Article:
Skip to content Skip to navigation

The new rules of digital trade

18 Jan 2018

With the internet and emerging digital technologies transforming global trade, is there a need for new laws to regulate this rapidly evolving landscape? A panel of experts discussed this question at SMU’s conference on digital trade.

Image credit: Jeremy Chan

Above (from left): Mr Gerald Sun, vice president of trade and industry, MasterCard, Singapore; Professor Irene Calboli, deputy director of SMU's Applied Research Centre for Intellectual Assets and the Law in Asia; Ms Elizabeth Chelliah, principal trade specialist at the Ministry of Trade and Industry, Singapore; Professor David Llewelyn, deputy dean of the SMU School of Law; Mr Rishi Anand, senior manager at PricewaterhouseCoopers Consulting, Singapore

By Jeremy Chan

SMU Office of Research & Tech Transfer – The advent of the internet has sparked a revolution in the way goods and services are exchanged. Marketplaces, once constrained by geography, now span a world that is suddenly metaphorically smaller due to increased connectivity; meanwhile, goods increasingly contain digital elements that make them hybrids of tangible and intangible commodities.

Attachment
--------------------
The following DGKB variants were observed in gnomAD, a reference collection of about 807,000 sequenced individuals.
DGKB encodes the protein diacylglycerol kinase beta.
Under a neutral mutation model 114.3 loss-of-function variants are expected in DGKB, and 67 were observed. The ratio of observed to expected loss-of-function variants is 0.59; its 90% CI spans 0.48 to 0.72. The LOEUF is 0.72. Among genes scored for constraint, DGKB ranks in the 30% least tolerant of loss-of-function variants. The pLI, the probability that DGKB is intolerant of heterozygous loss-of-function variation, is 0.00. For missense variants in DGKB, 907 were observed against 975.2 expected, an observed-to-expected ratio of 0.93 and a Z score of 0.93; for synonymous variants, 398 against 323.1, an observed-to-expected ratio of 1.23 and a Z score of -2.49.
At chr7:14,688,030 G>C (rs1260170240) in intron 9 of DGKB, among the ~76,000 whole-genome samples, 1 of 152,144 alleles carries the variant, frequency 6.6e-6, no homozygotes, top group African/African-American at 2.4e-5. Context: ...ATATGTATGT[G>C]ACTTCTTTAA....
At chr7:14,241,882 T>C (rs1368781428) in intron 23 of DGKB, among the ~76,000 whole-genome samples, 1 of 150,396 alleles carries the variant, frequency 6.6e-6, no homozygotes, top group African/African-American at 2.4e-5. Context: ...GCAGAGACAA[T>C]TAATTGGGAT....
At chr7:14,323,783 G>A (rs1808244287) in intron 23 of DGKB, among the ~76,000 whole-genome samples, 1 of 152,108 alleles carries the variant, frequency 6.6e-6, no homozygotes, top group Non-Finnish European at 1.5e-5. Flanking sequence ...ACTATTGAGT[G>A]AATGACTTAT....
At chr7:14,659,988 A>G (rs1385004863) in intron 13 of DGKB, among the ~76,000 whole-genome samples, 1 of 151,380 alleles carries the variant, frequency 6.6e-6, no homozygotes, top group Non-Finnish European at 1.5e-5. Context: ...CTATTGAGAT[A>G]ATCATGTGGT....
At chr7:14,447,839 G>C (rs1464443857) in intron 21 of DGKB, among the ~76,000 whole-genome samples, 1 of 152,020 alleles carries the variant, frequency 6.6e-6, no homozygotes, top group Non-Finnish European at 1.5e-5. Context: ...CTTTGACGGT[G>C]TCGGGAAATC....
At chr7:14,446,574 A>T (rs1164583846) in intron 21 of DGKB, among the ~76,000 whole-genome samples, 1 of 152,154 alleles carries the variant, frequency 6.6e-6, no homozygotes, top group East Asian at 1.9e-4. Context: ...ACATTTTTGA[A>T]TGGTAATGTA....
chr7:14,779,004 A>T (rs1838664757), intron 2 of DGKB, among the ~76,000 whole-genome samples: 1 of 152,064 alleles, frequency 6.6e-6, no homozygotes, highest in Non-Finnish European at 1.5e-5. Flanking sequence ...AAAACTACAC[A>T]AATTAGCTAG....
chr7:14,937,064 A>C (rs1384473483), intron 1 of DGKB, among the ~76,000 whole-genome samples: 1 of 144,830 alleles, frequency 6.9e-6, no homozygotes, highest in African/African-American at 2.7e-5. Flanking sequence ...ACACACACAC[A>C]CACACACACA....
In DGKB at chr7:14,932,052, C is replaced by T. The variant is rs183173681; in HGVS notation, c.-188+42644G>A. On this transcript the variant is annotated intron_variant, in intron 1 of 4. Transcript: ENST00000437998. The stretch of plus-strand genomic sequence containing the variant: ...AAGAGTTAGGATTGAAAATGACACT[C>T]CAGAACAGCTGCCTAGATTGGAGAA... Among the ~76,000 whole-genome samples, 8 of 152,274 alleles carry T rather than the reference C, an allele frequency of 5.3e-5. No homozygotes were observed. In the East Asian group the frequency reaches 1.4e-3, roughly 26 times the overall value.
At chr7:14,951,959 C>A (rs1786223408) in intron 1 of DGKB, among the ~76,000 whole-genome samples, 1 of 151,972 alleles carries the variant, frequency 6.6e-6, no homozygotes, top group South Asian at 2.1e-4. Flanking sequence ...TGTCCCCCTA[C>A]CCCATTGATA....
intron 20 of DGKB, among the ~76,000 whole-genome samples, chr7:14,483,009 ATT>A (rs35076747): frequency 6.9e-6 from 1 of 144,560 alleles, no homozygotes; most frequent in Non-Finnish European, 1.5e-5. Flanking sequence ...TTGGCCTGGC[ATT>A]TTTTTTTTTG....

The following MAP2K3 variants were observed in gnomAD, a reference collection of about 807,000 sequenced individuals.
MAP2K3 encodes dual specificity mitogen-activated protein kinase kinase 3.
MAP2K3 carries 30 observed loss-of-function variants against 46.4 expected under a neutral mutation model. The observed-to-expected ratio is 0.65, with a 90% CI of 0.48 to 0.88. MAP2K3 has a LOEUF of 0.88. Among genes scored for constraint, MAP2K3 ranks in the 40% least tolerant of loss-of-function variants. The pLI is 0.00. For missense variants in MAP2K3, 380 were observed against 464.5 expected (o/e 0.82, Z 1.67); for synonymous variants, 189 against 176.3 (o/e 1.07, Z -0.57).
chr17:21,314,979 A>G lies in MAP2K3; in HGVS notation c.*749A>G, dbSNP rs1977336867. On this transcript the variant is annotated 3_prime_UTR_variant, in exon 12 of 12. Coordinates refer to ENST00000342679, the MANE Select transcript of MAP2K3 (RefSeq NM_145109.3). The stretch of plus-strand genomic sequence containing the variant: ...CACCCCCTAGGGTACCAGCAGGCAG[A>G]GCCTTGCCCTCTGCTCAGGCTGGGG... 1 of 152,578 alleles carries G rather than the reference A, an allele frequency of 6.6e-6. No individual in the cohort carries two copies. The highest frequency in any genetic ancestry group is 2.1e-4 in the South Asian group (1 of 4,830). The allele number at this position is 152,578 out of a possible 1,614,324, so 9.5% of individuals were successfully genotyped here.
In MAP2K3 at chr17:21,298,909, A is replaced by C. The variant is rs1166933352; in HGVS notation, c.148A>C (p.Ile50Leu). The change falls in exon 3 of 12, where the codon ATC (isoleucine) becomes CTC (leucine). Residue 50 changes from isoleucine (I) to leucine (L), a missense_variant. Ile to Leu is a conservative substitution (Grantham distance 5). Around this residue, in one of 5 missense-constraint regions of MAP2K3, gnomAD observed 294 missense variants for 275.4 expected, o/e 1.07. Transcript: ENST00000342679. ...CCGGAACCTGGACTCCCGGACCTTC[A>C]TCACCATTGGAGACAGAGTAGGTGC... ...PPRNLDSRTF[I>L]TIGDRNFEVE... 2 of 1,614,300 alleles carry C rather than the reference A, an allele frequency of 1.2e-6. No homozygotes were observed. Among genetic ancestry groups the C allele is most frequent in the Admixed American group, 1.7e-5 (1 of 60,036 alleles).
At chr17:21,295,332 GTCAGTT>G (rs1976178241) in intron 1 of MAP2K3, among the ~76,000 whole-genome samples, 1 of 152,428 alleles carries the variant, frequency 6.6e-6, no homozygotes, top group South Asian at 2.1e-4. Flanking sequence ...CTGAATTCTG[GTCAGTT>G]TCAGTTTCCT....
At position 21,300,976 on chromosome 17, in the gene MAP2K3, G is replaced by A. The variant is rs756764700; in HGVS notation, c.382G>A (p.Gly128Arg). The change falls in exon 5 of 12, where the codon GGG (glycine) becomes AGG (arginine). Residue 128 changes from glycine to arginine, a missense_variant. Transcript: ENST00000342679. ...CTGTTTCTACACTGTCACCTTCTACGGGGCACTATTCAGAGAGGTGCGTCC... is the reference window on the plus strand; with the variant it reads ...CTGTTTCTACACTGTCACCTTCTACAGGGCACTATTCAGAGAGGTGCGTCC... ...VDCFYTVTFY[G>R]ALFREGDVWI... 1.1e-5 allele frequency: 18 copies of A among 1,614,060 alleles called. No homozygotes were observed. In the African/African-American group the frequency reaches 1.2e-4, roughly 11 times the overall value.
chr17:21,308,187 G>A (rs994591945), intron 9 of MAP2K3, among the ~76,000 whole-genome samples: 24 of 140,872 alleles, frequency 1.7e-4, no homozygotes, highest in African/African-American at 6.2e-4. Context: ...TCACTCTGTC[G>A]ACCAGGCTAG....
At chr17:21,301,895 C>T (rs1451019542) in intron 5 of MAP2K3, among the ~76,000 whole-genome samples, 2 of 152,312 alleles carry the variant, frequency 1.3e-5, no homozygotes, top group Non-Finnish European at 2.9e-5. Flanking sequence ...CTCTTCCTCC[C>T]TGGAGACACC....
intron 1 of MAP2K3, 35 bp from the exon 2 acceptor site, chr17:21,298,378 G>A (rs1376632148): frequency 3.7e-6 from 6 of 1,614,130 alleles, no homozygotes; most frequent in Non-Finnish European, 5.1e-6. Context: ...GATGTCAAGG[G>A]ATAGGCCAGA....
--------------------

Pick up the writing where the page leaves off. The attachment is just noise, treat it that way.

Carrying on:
Trade in the modern day, with its ease of placement of orders, tracking and delivery of orders via the use of digital devices is thus a vastly different beast from what it was in the last decade – much faster, nimbler and more varied in form. Against this rapidly evolving landscape, the rules that govern such digital trade seem sluggish by comparison.

“The law governing such digital trade has on the whole been moving more sedately,” remarked Ms Mary Elizabeth Chelliah, principal trade specialist at the Ministry of Trade and Industry, Singapore. “But recently calls have been made for governments to speed up their intervention to allow for a level playing digital field. The issue though is how should governments react? Do we do so in a way that could invariably affect new businesses, or should we first be aware of what laws already exist, what was done in the past and what can still apply?”

Ms Chelliah was speaking on 6 December 2017 on a panel convened as part of the ‘Digital Trade in the Asia-Pacific – Identifying Challenges, Seeking Solutions’ conference, organised by the Singapore Management University (SMU) School of Law and Melbourne Law School.